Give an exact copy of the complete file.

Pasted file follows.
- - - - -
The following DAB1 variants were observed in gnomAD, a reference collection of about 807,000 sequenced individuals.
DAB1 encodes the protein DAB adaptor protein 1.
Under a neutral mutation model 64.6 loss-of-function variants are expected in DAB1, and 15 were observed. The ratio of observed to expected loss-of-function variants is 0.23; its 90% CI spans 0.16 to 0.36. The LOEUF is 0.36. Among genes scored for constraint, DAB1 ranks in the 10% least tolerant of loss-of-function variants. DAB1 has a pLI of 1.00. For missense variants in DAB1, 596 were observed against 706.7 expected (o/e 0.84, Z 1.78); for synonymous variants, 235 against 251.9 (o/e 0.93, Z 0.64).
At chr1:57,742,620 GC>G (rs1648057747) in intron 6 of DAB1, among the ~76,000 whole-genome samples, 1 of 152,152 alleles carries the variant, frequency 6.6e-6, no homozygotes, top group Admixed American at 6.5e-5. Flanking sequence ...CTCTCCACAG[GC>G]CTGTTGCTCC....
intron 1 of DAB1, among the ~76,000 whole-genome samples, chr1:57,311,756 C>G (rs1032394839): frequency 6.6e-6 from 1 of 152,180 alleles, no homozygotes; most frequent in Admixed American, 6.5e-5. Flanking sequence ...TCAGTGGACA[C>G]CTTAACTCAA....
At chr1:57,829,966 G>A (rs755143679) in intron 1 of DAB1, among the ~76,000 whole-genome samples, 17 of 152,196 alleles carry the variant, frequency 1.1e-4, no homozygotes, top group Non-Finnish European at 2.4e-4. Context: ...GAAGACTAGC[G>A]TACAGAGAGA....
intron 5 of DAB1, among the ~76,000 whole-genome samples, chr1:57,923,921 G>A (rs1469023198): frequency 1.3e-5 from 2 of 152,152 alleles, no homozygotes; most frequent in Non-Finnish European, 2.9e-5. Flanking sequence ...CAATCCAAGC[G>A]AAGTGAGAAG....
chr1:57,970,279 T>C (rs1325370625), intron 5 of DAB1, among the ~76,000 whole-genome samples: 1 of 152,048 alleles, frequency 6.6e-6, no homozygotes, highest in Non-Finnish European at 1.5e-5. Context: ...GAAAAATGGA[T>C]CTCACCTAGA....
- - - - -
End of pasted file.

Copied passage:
The following DAB1 variants were observed in gnomAD, a reference collection of about 807,000 sequenced individuals.
DAB1 encodes the protein DAB adaptor protein 1.
Under a neutral mutation model 64.6 loss-of-function variants are expected in DAB1, and 15 were observed. The ratio of observed to expected loss-of-function variants is 0.23; its 90% CI spans 0.16 to 0.36. The LOEUF is 0.36. Among genes scored for constraint, DAB1 ranks in the 10% least tolerant of loss-of-function variants. DAB1 has a pLI of 1.00. For missense variants in DAB1, 596 were observed against 706.7 expected (o/e 0.84, Z 1.78); for synonymous variants, 235 against 251.9 (o/e 0.93, Z 0.64).
At chr1:57,742,620 GC>G (rs1648057747) in intron 6 of DAB1, among the ~76,000 whole-genome samples, 1 of 152,152 alleles carries the variant, frequency 6.6e-6, no homozygotes, top group Admixed American at 6.5e-5. Flanking sequence ...CTCTCCACAG[GC>G]CTGTTGCTCC....
intron 1 of DAB1, among the ~76,000 whole-genome samples, chr1:57,311,756 C>G (rs1032394839): frequency 6.6e-6 from 1 of 152,180 alleles, no homozygotes; most frequent in Admixed American, 6.5e-5. Flanking sequence ...TCAGTGGACA[C>G]CTTAACTCAA....
At chr1:57,829,966 G>A (rs755143679) in intron 1 of DAB1, among the ~76,000 whole-genome samples, 17 of 152,196 alleles carry the variant, frequency 1.1e-4, no homozygotes, top group Non-Finnish European at 2.4e-4. Context: ...GAAGACTAGC[G>A]TACAGAGAGA....
intron 5 of DAB1, among the ~76,000 whole-genome samples, chr1:57,923,921 G>A (rs1469023198): frequency 1.3e-5 from 2 of 152,152 alleles, no homozygotes; most frequent in Non-Finnish European, 2.9e-5. Flanking sequence ...CAATCCAAGC[G>A]AAGTGAGAAG....
chr1:57,970,279 T>C (rs1325370625), intron 5 of DAB1, among the ~76,000 whole-genome samples: 1 of 152,048 alleles, frequency 6.6e-6, no homozygotes, highest in Non-Finnish European at 1.5e-5. Context: ...GAAAAATGGA[T>C]CTCACCTAGA....